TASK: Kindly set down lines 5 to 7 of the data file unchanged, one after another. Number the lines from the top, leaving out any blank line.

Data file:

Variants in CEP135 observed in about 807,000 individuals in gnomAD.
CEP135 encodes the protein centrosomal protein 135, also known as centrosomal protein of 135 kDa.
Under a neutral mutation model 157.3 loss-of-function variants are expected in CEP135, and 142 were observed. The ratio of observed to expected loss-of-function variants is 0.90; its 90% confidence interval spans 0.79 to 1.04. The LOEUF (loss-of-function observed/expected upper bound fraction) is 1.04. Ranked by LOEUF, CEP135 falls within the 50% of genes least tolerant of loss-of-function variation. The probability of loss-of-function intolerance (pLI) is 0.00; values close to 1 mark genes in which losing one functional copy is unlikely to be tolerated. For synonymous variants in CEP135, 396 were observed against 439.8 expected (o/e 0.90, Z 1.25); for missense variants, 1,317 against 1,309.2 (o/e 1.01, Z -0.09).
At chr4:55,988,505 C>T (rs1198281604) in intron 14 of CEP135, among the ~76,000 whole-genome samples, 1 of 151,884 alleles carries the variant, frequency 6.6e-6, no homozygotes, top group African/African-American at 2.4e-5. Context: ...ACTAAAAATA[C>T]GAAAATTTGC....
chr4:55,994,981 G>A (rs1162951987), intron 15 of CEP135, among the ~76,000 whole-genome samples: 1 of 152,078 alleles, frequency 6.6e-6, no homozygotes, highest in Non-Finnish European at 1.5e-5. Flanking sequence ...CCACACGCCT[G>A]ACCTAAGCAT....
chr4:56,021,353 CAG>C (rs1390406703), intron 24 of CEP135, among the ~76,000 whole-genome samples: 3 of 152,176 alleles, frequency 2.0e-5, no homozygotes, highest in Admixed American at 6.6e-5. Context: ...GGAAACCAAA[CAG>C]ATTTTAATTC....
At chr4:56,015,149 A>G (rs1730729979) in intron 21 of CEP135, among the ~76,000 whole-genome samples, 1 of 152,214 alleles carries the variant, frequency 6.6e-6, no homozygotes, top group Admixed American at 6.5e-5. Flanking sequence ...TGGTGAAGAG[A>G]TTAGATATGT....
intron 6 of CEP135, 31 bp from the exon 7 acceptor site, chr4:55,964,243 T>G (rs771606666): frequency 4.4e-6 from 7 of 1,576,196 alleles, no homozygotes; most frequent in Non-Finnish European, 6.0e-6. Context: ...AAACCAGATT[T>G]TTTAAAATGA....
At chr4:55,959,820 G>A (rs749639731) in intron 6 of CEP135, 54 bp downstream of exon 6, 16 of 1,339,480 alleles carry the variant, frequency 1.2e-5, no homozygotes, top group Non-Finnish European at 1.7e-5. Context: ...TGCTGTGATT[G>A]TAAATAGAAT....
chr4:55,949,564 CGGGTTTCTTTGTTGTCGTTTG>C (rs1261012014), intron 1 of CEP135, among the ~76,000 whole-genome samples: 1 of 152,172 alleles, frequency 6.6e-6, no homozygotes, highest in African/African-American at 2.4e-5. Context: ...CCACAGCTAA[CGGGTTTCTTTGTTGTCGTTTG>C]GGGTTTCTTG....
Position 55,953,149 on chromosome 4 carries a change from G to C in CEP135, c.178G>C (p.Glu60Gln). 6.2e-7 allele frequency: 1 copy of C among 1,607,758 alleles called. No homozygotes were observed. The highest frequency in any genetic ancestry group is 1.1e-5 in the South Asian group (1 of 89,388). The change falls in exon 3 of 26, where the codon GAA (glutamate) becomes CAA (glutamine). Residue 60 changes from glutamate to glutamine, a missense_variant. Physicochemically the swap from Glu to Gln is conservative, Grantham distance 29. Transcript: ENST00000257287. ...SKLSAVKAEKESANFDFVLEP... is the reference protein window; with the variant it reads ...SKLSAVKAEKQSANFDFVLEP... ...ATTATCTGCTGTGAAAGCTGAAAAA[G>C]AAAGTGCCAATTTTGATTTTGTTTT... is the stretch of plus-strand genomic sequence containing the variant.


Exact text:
chr4:55,994,981 G>A (rs1162951987), intron 15 of CEP135, among the ~76,000 whole-genome samples: 1 of 152,078 alleles, frequency 6.6e-6, no homozygotes, highest in Non-Finnish European at 1.5e-5. Flanking sequence ...CCACACGCCT[G>A]ACCTAAGCAT....
chr4:56,021,353 CAG>C (rs1390406703), intron 24 of CEP135, among the ~76,000 whole-genome samples: 3 of 152,176 alleles, frequency 2.0e-5, no homozygotes, highest in Admixed American at 6.6e-5. Context: ...GGAAACCAAA[CAG>C]ATTTTAATTC....
At chr4:56,015,149 A>G (rs1730729979) in intron 21 of CEP135, among the ~76,000 whole-genome samples, 1 of 152,214 alleles carries the variant, frequency 6.6e-6, no homozygotes, top group Admixed American at 6.5e-5. Flanking sequence ...TGGTGAAGAG[A>G]TTAGATATGT....